Volunteers solicited from DHS immigration agency for Afghanistan support

Volunteers solicited from DHS immigration agency for Afghanistan support

The Biden administration asked federal employees from US Citizenship and Immigration Services to volunteer for assignments to support the relocation of Afghans who helped the United States, according to a notification sent to part of the workforce Monday and viewed by CNN.

“As you may know, country conditions in Afghanistan are rapidly deteriorating. In response to this humanitarian crisis, USCIS has been asked to be prepared to support the United States government Operation Allies Refuge,” the notification said.

The operation was launched in July to get Afghans who are eligible for Special Immigrant Visas and their families to the United States.

Earlier Monday, Pentagon press secretary John Kirby confirmed to CNN that the Department of Defense will potentially relocate up to 30,000 Afghan SIV applicants to the US. He said Fort Bliss in Texas and Fort McCoy in Wisconsin have the capability to house these applicants.

However, CNN reported on Sunday that the Biden administration had curtailed the number of government-sponsored evacuation flights to the US for Afghans who worked alongside the US as it prioritizes the evacuation of American personnel.

“It is important to note that the situation in Afghanistan is fluid and can change at a rapid pace,” the notification to USCIS staff added.

The notification asked for volunteers who are willing to deploy to locations in “Texas, Wisconsin, California and possibly others.”

USCIS, which has a workforce of 19,000, oversees lawful immigration to the United States, including asylum and refugee processing.

The call for volunteers is an extension of a previous solicitation for employees to work at Fort Lee, the first location to receive visa applicants under Operation Allies Refuge.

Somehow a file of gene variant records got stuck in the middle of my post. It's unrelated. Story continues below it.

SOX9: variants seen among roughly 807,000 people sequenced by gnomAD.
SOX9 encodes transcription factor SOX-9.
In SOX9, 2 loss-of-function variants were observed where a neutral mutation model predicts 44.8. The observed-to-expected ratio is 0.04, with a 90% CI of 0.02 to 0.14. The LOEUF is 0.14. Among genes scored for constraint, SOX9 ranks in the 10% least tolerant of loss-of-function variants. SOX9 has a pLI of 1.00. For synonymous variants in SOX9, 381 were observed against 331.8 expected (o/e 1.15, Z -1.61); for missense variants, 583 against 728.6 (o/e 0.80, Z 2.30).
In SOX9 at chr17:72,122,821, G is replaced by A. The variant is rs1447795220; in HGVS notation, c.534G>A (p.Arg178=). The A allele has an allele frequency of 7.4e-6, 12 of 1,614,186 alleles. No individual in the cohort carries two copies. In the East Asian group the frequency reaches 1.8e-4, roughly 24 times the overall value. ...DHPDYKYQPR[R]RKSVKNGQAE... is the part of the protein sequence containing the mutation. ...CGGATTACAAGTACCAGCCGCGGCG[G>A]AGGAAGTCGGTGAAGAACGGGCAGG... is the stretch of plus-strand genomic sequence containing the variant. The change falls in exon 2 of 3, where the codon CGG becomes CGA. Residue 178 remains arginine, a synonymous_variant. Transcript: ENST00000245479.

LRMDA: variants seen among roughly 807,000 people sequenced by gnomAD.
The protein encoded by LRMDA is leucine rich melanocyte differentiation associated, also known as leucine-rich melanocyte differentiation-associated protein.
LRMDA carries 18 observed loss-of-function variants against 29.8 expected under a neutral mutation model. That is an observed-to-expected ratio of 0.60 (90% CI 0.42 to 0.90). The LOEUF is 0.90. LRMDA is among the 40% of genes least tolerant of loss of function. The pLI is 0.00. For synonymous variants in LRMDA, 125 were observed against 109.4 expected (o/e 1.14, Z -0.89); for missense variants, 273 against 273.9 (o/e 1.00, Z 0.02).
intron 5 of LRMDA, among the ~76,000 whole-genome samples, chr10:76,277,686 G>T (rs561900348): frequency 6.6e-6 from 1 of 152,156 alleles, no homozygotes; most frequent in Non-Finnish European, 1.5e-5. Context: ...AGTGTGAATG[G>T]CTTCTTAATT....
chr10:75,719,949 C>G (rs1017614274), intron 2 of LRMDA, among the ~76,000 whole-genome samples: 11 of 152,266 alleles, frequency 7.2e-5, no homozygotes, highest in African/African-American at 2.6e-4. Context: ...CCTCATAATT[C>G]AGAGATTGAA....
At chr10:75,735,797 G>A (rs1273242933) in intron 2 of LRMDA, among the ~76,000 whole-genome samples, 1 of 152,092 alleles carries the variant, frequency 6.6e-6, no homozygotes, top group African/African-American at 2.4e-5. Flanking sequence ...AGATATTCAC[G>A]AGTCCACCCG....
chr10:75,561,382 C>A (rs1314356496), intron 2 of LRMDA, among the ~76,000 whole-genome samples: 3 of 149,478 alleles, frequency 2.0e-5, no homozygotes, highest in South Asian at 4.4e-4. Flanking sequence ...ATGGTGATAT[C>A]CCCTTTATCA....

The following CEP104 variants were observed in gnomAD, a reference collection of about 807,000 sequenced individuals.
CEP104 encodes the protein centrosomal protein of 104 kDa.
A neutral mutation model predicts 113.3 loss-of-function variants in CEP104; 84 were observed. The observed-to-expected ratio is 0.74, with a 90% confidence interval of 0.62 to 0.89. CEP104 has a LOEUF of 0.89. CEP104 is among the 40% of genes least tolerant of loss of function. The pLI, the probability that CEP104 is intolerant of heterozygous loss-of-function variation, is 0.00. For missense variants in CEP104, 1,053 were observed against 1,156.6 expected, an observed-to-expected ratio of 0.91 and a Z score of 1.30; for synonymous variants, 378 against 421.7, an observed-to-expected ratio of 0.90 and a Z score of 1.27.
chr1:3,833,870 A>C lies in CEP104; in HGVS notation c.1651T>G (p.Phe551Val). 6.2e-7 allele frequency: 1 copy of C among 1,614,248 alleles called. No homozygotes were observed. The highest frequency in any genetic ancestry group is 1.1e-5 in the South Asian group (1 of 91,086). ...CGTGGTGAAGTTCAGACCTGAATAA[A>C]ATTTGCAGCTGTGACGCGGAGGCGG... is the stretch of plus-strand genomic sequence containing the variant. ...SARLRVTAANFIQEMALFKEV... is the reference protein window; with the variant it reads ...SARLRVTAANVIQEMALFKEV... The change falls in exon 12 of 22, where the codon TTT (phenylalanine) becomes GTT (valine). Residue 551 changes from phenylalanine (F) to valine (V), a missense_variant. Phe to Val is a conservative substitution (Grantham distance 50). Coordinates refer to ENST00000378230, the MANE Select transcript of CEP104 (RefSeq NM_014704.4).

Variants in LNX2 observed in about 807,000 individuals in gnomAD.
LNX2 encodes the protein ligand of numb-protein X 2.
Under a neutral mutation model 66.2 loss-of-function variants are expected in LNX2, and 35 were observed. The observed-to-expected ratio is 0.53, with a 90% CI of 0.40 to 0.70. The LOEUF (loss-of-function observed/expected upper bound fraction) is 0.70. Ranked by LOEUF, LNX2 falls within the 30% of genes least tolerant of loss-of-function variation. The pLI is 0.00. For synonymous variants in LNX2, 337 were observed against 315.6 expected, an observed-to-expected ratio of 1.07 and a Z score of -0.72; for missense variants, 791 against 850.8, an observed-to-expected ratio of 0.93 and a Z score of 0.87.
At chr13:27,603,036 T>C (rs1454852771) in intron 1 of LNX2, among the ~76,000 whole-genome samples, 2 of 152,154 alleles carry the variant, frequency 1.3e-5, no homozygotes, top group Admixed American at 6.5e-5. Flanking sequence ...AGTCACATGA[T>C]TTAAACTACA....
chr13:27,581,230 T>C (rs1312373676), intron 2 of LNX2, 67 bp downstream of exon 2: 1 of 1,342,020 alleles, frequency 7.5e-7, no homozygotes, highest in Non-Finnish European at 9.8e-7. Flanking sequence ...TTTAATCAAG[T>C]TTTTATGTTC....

The request for volunteers comes as refugee and immigration groups press the administration to do more for US allies in Afghanistan.

On Monday, President Joe Biden said, “There are concerns about why we did not begin evacuating Afghan civilians sooner. Part of the answer is some of the Afghans did not want to leave early, still hopeful for their country.”

Krish O’Mara Vignarajah, president and CEO of Lutheran Immigration and Refugee Service, said in a statement that Biden’s claim is “inconsistent with our experience working with Afghan allies.”

“We have been in touch with countless SIV recipients who have been desperate to leave Afghanistan for months and have not been able to due to a backlog in visa processing, insufficient financial resources and inadequate flight accessibility through international organizations,” she added.

There are roughly 80,000 Afghan Special Immigrant Visa holders and their families in “grave danger,” along with tens of thousands in other vulnerable populations, according to Vignarajah.

Monday night, Biden issued a memorandum that directs the secretary of state to use the Migration and Refugee Assistance Act to help meet the “unexpected urgent refugee and migration needs of refugees, victims of conflict, and other persons at risk as a result of the situation in Afghanistan, including applicants for Special Immigrant Visas. Such assistance may be provided on a bilateral or multilateral basis as appropriate.”

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